YouKnowIGotSoul: When you first took the position as the Artistic Director of City Parks Foundation’s Summer Stage, what did you set out to accomplish?
Erika Elliott: I didn’t have a set goal/agenda other than doing a great job curating this remarkable world class festival. I was excited about the opportunity to book a non-ticketed – free event, and honored to be choosing artists to perform in Central Park.
YouKnowIGotSoul: Under your leadership, the festival has grown exponentially over the years. How were you able to achieve this?
Erika Elliott: Thanks for the compliment, I think because I approach booking with a background in the commercial music business, plus my taste is more in-line with commercial music festivals than performing arts centers, the growth you see is because I am programming for a broader audience, and have partnered with organizations and radio to reach more people than we ever could on our own. I am most interested in contemporary music from around the world – so a show from Alabama Shakes is as important to me as one from Amadou & Mariam, or Mala Rodriguez. The other major thing I did when I joined SummerStage is to book hip-hop artists into SummerStage in parks all around the city’s five boroughs, and bigger “names” into non-Central Park shows, these are the parks we’ve seen major growth since I joined.
YouKnowIGotSoul: Talk about this year’s series and some of the major acts you have lined up.
Erika Elliott: It’s so hard to give highlights when literally every show is worth seeing, and so much of it is personal taste! Super excited about Orchestre Poly Rythmo, SMOD, Bibi Tanga – that’s going to be a funky dance party. Honored to be hosting, Guthrie Family Reunion Celebrating Woody’s 100th, Arlo Guthrie doing songs from his father’s songbook which he rarely does.
Gary Clark Jr. and the Givers
Ozomatli with the New York Pops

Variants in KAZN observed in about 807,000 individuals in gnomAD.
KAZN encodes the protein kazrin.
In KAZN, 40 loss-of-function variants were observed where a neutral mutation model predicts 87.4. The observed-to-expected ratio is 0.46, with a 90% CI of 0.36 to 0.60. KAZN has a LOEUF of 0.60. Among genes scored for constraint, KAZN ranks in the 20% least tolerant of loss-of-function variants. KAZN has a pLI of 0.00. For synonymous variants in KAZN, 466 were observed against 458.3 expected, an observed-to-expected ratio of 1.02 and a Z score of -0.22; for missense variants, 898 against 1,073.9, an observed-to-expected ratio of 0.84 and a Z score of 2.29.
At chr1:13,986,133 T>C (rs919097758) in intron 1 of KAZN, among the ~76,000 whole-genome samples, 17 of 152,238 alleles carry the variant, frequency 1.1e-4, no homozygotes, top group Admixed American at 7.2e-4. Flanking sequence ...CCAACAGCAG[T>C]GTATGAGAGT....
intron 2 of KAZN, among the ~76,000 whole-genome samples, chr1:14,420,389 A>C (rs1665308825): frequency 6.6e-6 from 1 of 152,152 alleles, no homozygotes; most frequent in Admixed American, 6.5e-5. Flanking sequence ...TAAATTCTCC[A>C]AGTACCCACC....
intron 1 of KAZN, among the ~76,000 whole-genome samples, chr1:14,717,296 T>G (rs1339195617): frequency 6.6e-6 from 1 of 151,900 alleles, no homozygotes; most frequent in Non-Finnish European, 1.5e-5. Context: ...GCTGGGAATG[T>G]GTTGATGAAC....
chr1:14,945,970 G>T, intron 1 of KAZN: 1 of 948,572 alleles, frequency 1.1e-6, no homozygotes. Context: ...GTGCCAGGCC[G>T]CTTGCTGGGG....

Deer Tick at Red Hook Park
DJ Premier and Pete Rock at East River Park doing an old school battle on the wheels of steel
I could go on and on …
YouKnowIGotSoul: We know that you’ve generated much excitement with music fans who get to attend free concerts, but talk about the excitement of the artists to perform these shows.
Erika Elliott: Central Park, and New York City are iconic to folks outside (and in) the US. It’s a destination that acts from around the world want to play. There are a ton of great stories and bottom line is that all the acts playing for us are doing it because they want to be in the space. A fave story is The XX a couple years ago, had a conversation with their label as they were just starting to gig in the US, playing small club venues, and paraphrasing here but … maybe if they did things right, by next year they’d be playing SummerStage in Central Park – and a year later they had exploded and played the venue in one of our biggest shows that summer.
YouKnowIGotSoul: Especially with the tough economy over the past few years, how important is it to host these free concerts in NYC in many of the parks across the city?
Erika Elliott: Music is always important, and access to music and arts and culture is even more so. I firmly believe this. Tough economy or not – The arts bring people together in a way that nothing else can. Parks are the same, and the marriage of both, especially in an urban setting like NYC are essential.
YouKnowIGotSoul: Talk about the work you’ve done at SOBs and how you helped turn it into one of the premier venues for soul/r&b acts in NYC today.
Erika Elliott: Here’s what I can say about SOBs, I feel so lucky to have had that opportunity at a time when the music I am most passionate about was a major creative force in NYC and the industry. I am not certain there is AS obvious a momentum as what I had going at SOBs.
In part because of what was happening in NYC – so many amazing bands living and working here independently and then labels being interested in signing independent acts. It was being at the right place, right time and building a steady space for talent to be seen and also develop.
It’s hard for me to believe even then, that I did Kanye’s first NYC show (when he was trying to get signed and establish himself as not just a producer), Anthony Hamilton showcased before he was signed, John Legend (Then John Stephens) was a regular, and many many others, all of whom I remain a fan of to this day.
YouKnowIGotSoul: Talk about what you remember the most about working Big Pun’s debut album “Capital Punishment.”
Erika Elliott: I remember how hilarious it was that he wanted to be on a moped in the video for “Still Not a Player”. I remember Big Pun’s great sense of humor, and smile. He was a big guy – but really his personality was larger than life.
Click here for more information on Summerstage and a complete schedule